Elephant Stone w/ The Velveteins + Thee Magic Circle
@ The Fox Cabaret, Vancouver
November 8, 2016
A dedicated crowd of Vancouverites filled the Fox Cabaret; the strange, quiet atmosphere of the concert goers could be explained by both rain and a stormy concurrent American election. With the results just in, it was time for many for a rock and roll escape.. Though circumstances demanded concern south of the boarder, the evening would be a strong showcase of all-Canadian music..
Starting off the evening were Thee Magic Circle, a local Vancouver five-piece psych outfit with a jubilant and spaced-out attitude. Lush, swirling and buttressed by effective songwriting hooks Thee Magic Circle succeed at both song craft and with extended instrumentals, turning up the temperature on guitar solos that lit up but never burnt out. Beginning their set with a sitar, the group played with passion and enthusiasm. The musical standards of Canadian west-coast psych has been tightening up for a couple of years now due to the more than fortunate introduction of Levitation Vancouver; Thee Magic Circle, with their energetic five man attack, suggest that much can be expected out of the city’s blossoming psychedelic scene.
Playing second, the The Velveteins performed a set of competent yet comparatively less colourful song. Though there was a dreamy element to the songs of the Edmonton based-three piece, they are inevitable more of a garage, crooner variety more in the taste of the Growlers.
Despite their relative obscurity, Elephant Stone find reverence in the eyes of the greater psychedelic community. Rishi Dhir is known for his sublime arrangements and concise, sweet songwriting. Touring in support of a new record entitled Ship of Fools, Elephant Stone laid out their their new Primal Scream inspired material and played a healthy dose of fan favourites. The lead track “Manipulator” feature a tasteful electronic update that felt all the more raw and tangible in a live-performance setting. Elephant Stone has been reluctant to hang too tightly to any particular styles; Bandleader Rishi Dhir has overseen many stylistic changes including mod and indie rock traditions; “Andromeda” treaded a dreamy contemporary path with subtle, alluring and catchy guitar melodies. On new song “Silence Can Only Say So Much,” Dhir paired his sitar with some modulated vocals, visiting an area of sonic territory rarely, if ever, explored. The focused intricacies of the new material shows continued musical growth from the group.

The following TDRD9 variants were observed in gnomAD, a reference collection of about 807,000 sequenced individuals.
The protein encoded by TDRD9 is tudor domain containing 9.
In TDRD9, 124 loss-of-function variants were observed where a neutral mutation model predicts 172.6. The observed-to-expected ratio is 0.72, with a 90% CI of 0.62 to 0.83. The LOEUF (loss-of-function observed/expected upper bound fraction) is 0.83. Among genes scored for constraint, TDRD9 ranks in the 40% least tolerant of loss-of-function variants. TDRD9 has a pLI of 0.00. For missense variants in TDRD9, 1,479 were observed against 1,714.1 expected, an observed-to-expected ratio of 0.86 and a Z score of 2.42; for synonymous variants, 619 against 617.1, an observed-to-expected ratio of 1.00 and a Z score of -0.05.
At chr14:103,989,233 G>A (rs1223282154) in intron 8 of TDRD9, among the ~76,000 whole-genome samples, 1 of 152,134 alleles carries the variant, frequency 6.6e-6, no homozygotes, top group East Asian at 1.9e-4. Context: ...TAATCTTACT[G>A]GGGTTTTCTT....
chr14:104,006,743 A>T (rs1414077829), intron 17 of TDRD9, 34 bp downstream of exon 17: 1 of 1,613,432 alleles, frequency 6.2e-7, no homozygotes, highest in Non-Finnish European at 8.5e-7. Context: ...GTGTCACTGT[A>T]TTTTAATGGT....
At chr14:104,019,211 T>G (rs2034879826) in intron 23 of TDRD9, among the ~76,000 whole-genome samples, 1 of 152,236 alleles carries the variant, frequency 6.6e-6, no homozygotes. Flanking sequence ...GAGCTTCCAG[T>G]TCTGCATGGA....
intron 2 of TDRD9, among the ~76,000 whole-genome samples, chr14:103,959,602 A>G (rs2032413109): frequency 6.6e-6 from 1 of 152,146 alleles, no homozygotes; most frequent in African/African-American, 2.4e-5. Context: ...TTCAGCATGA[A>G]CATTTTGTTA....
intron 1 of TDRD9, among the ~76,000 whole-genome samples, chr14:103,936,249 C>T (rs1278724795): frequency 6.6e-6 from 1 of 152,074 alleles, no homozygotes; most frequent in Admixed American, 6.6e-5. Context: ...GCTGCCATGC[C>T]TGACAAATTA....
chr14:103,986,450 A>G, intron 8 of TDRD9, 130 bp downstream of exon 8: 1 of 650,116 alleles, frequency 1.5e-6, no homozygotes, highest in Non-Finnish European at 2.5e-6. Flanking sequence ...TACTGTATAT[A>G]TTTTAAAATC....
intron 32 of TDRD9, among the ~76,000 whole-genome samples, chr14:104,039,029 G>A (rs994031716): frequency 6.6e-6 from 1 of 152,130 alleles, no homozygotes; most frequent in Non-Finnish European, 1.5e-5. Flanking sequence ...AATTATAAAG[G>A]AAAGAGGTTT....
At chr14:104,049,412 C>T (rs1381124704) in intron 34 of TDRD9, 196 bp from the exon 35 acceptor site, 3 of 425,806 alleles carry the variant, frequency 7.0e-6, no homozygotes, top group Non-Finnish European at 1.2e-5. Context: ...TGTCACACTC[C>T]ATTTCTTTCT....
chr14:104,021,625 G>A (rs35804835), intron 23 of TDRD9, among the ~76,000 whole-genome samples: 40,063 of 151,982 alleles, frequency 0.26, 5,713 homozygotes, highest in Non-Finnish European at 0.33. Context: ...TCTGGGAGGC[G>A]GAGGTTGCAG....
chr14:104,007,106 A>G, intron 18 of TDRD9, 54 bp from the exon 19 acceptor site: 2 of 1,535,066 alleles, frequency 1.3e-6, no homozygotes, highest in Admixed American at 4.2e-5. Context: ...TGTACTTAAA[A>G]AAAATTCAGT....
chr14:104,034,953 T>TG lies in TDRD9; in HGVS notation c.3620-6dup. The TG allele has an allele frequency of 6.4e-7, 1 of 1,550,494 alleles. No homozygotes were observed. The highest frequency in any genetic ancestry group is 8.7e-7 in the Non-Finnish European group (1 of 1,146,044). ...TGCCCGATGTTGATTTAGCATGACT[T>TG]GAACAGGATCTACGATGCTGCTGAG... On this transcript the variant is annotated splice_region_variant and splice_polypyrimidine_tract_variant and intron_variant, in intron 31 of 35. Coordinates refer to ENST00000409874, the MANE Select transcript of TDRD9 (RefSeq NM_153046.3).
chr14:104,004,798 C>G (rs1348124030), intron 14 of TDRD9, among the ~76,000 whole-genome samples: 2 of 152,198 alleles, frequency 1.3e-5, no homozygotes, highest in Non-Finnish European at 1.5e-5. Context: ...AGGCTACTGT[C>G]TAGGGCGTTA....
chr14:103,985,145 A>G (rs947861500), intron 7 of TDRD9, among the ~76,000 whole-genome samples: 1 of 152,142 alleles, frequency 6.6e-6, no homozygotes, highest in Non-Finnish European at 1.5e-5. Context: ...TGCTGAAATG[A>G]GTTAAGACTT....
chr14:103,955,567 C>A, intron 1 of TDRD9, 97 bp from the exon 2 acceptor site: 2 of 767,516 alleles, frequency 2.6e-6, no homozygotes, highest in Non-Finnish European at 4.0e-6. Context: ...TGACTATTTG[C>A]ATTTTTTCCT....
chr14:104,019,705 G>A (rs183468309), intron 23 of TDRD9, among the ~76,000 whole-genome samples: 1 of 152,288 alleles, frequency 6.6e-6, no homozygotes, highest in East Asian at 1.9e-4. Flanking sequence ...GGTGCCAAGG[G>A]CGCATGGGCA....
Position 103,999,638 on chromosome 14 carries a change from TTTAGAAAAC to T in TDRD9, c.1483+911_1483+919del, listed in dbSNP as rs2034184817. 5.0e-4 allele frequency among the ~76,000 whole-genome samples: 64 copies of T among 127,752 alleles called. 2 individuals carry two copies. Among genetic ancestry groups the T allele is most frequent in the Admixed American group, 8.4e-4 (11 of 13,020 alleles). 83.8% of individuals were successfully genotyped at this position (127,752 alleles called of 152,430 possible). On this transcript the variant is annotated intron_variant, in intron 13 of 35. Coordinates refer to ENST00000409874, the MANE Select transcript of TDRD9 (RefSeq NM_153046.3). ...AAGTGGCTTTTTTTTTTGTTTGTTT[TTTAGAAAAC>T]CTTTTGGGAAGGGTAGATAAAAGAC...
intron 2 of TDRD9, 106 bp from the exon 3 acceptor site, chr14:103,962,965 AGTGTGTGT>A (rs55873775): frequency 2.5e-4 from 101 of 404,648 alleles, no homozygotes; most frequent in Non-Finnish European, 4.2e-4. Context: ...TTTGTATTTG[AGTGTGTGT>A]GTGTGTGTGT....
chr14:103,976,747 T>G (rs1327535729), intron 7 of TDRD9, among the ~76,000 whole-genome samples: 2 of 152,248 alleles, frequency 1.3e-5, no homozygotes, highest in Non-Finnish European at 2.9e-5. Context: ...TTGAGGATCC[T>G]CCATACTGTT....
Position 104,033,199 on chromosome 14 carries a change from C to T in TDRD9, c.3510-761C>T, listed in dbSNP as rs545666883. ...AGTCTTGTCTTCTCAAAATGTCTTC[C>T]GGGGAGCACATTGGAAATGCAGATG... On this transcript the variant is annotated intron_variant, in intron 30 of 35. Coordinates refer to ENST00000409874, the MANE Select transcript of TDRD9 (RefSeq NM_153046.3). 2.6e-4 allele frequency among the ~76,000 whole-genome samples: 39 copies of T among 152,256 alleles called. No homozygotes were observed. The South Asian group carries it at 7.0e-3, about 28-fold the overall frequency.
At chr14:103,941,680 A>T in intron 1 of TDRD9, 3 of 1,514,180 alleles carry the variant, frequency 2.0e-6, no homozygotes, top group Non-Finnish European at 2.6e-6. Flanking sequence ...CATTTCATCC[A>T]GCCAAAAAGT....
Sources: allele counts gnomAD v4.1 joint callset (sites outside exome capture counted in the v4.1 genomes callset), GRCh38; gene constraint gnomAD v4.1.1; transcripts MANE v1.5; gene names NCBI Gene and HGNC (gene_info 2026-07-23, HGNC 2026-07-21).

Returning for an encore, guitarist Jean-Gabriel Lambert took the lead vocals with heavy digital effects. On each of their respective albums, Elephant Stone has explored particularly distinct territory; Ship of Fools is perhaps their most striking stylistic change thus far but remains rooted with tasteful analogue arrangements. Some of the newer material recalls Neil Young’s infamous 1980’s release Trans in its celebration of raw, early synth modulated vocals.
Elephant Stone is a band in which each release is a profound and thoughtful step forward. From their dreamy sitar, to buoyant pop songs or glittering musicianship, it may take some time for their work to be duly appreciated. Maybe Thee Magic Circle’s use of sitar is a sign that spacey roots are taking hold.
– David Lacroix
(Photography by David Lacroix)
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